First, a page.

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Number 85 - August 2004
Large-scale agriculture and cattle-raising
are activities which impact heavily on the world's forests and on
their peoples, particularly in tropical and sub-tropical regions.
However, in spite of the fact that those activities are continuously
expanding, they are receiving much less attention than in the past.
For this reason, we have focused the present bulletin on both, with
the aim of raising awareness about the different issues and actors
involved in order to create conditions for change.
|AN OVERVIEW OF THE PROBLEM|
FOREST DESTRUCTION FOR EXPORT
For centuries, forest and forest-dependent peoples were able to carry out agricultural and cattle-raising activities in a way that was compatible with forest ecosystem conservation. What was later described in pejorative terms by Western experts as "slash-and-burn" agriculture was in fact a system that had proven to have minor and reversible impacts on the forest while providing livelihoods to the communities involved. A system that in today's language would be termed "sustainable".
Everything changed with colonization, which not only deprived local peoples of their freedom, but also disrupted their production systems through land appropriation and the introduction of large-scale monocrops, both accompanied by production systems alien to local cultures and societies. Tea, coffee, rubber, cocoa, sugar cane, bananas were some of the new crops, which were not aimed at providing people with food and other necessary products -as traditional systems did- but at exploiting local environments and peoples to serve the colonizers' economic interests.
The situation worsened with the development of Western science and technology and particularly with the imposition of the "Green Revolution" and its technological fix. Modern machinery allowed for the destruction of the forest (by means of tractors and chainsaws), while the use of so-called "high-yielding" varieties of seeds opened the door to the application of highly toxic chemicals (pesticides) and chemical fertilizers which degraded even further the forest ecosystem and its peoples' health.
Large-scale cattle raising came in later in the tropics, but also within the framework of Green Revolution thinking. Different races of cattle and different species of grass were identified to adapt to tropical and sub-tropical environments, resulting in widespread deforestation wherever the correct choice of animal and grass was successful.
The result is dismal, both in social and environmental terms. The Green Revolution has resulted in widespread hunger, poverty, agrochemical-related diseases, displacement and human rights abuses; it has also resulted in soil erosion, salinization, water pollution and depletion, natural and agricultural biodiversity loss as well as in global deforestation.
The world -and particularly the Third World- is still waiting for the UN Food and Agriculture Organization -the main promoter of the Green Revolution- to come up with a serious assessment of all the suffering it has caused to millions of human beings and to the world's ecosystems.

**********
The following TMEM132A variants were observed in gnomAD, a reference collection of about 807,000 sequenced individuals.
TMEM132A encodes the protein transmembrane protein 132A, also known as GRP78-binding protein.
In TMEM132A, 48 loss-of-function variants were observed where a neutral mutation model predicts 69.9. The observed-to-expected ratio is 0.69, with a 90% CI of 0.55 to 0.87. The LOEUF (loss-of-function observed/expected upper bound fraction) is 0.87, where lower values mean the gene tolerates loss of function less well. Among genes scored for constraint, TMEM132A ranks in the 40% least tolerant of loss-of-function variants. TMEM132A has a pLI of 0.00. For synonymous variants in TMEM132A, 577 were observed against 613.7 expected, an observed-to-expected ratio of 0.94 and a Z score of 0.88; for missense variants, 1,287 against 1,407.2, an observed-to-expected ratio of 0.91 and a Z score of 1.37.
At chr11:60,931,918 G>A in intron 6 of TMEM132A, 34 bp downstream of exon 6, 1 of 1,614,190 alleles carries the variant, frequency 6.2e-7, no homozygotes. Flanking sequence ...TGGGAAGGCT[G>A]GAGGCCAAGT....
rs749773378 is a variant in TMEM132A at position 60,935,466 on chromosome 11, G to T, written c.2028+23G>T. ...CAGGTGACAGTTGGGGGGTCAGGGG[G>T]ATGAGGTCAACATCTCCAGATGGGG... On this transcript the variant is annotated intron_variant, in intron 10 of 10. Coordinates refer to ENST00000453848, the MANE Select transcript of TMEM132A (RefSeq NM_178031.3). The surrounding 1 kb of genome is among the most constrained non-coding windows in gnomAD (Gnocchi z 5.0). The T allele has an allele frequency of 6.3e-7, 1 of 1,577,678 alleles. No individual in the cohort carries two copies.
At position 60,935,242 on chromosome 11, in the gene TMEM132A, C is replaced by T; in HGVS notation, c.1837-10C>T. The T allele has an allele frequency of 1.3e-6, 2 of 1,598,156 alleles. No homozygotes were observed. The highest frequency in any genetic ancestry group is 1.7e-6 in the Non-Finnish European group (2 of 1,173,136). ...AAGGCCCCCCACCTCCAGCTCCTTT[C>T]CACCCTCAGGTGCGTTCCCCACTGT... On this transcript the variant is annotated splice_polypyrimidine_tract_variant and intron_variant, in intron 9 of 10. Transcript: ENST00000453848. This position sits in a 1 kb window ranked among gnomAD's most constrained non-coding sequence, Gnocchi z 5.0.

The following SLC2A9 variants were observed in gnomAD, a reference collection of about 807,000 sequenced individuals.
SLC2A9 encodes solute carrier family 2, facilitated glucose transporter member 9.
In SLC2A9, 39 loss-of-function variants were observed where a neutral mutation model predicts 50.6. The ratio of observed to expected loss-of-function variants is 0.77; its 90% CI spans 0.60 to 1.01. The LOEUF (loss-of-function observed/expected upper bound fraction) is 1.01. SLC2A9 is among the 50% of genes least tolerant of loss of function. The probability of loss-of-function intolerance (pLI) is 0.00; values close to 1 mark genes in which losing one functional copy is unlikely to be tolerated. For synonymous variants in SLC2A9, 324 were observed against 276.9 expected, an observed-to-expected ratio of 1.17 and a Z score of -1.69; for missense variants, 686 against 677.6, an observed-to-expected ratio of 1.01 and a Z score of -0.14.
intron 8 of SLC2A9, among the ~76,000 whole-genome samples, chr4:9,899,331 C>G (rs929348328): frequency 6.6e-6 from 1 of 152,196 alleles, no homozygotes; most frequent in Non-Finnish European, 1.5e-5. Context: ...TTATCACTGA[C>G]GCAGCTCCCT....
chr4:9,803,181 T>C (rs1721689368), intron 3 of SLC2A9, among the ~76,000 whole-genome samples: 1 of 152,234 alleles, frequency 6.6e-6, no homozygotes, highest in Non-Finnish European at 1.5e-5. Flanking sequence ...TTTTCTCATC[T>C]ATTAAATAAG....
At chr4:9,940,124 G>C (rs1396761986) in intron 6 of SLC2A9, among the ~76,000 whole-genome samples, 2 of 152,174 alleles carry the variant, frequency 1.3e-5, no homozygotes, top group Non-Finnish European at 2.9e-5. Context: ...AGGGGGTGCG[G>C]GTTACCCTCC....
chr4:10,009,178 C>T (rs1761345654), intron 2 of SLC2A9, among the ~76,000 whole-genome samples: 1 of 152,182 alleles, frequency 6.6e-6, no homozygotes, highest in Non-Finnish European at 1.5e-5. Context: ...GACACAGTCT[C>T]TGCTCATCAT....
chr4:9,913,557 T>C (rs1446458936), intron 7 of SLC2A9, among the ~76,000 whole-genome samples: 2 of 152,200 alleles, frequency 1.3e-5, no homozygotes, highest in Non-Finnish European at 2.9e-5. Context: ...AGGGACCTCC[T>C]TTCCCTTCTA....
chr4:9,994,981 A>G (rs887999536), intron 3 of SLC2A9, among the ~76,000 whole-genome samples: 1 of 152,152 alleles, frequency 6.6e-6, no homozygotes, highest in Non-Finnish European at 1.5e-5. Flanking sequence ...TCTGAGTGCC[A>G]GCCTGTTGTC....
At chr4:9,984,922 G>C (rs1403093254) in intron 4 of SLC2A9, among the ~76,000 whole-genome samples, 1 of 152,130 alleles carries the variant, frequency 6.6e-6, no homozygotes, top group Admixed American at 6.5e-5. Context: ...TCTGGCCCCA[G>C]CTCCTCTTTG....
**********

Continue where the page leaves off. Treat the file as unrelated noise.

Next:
To make matters worse, the mass production of the same agricultural commodities in scores of countries, coupled with the tight control over prices by a few transnational companies and northern governments, has resulted in ever diminishing prices for those commodities and increasing prices for northern-controlled machinery and agricultural inputs. To meet external obligations, southern governments have promoted the expansion of the agricultural frontier, thus increasing the problems inherent to the Green Revolution model and pushing the prices further down due to higher levels of production.
In spite of all those problems, the fact is that the system is working very conveniently to serve the interests it was intended to serve. The North is increasingly affluent and so are the local elites in the South. The fact that there are important numbers of poor in the North and massive poverty in the South does not seem to matter much in international commerce and trade. What really matters is that transnational corporations (TNCs) are extremely happy with the profits they manage to achieve.
The above partly explains why such a destructive model is still in place. Another part of the explanation lies in the contradicting interests within different TNCs. In this respect, it is interesting to note that the official solutions to deforestation focus more on the implementation of protected areas than on addressing the real problems. Why? The fact is that some TNCs need biodiversity conservation (as an input for the biotechnology and pharmaceutical industries) while others need abundant and cheap supplies of commodities from large-scale monocultures. At the same time, some TNCs are focusing on the appropriation and commercialization of water resources -and therefore are interested in the conservation of water sources- while others depend on the commercialization of products (such as agrochemicals) that result in water pollution. Protected areas offer a solution to both: conservation of biodiversity and water inside and widespread environmental destruction outside.
This situation brings to mind
one of the masterpieces of Italian cinema -Il Gattopardo- where one
of the main characters -belonging to the feudal class- explains to his
uncle his reason for embracing the struggle against the Monarchy by
saying: "Let something change so that everything goes on the same
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tel: 598 2 413 2989 / fax: 598 2 410 0985